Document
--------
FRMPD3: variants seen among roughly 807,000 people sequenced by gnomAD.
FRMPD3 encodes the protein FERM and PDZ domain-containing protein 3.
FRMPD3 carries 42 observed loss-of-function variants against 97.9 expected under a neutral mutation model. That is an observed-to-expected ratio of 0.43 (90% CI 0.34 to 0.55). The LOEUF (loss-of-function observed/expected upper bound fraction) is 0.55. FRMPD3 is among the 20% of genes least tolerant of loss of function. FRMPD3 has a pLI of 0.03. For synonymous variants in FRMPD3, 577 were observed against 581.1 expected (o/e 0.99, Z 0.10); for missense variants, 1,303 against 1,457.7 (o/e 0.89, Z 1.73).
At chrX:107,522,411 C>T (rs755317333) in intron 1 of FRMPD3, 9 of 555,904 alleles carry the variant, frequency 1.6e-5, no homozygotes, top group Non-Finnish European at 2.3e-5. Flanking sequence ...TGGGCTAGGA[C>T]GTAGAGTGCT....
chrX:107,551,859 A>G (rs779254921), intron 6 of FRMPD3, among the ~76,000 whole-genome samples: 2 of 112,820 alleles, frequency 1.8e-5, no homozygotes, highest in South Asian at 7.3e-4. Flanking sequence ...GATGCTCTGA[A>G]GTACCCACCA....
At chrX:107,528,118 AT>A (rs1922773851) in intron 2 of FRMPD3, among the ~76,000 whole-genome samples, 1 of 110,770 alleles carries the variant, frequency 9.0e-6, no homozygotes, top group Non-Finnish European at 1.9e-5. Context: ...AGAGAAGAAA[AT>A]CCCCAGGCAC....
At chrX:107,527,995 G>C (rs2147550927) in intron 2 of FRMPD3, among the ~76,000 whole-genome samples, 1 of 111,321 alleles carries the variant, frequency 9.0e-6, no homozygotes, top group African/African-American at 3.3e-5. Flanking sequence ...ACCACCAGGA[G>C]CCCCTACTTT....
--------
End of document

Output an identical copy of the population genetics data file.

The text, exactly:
FRMPD3: variants seen among roughly 807,000 people sequenced by gnomAD.
FRMPD3 encodes the protein FERM and PDZ domain-containing protein 3.
FRMPD3 carries 42 observed loss-of-function variants against 97.9 expected under a neutral mutation model. That is an observed-to-expected ratio of 0.43 (90% CI 0.34 to 0.55). The LOEUF (loss-of-function observed/expected upper bound fraction) is 0.55. FRMPD3 is among the 20% of genes least tolerant of loss of function. FRMPD3 has a pLI of 0.03. For synonymous variants in FRMPD3, 577 were observed against 581.1 expected (o/e 0.99, Z 0.10); for missense variants, 1,303 against 1,457.7 (o/e 0.89, Z 1.73).
At chrX:107,522,411 C>T (rs755317333) in intron 1 of FRMPD3, 9 of 555,904 alleles carry the variant, frequency 1.6e-5, no homozygotes, top group Non-Finnish European at 2.3e-5. Flanking sequence ...TGGGCTAGGA[C>T]GTAGAGTGCT....
chrX:107,551,859 A>G (rs779254921), intron 6 of FRMPD3, among the ~76,000 whole-genome samples: 2 of 112,820 alleles, frequency 1.8e-5, no homozygotes, highest in South Asian at 7.3e-4. Flanking sequence ...GATGCTCTGA[A>G]GTACCCACCA....
At chrX:107,528,118 AT>A (rs1922773851) in intron 2 of FRMPD3, among the ~76,000 whole-genome samples, 1 of 110,770 alleles carries the variant, frequency 9.0e-6, no homozygotes, top group Non-Finnish European at 1.9e-5. Context: ...AGAGAAGAAA[AT>A]CCCCAGGCAC....
At chrX:107,527,995 G>C (rs2147550927) in intron 2 of FRMPD3, among the ~76,000 whole-genome samples, 1 of 111,321 alleles carries the variant, frequency 9.0e-6, no homozygotes, top group African/African-American at 3.3e-5. Flanking sequence ...ACCACCAGGA[G>C]CCCCTACTTT....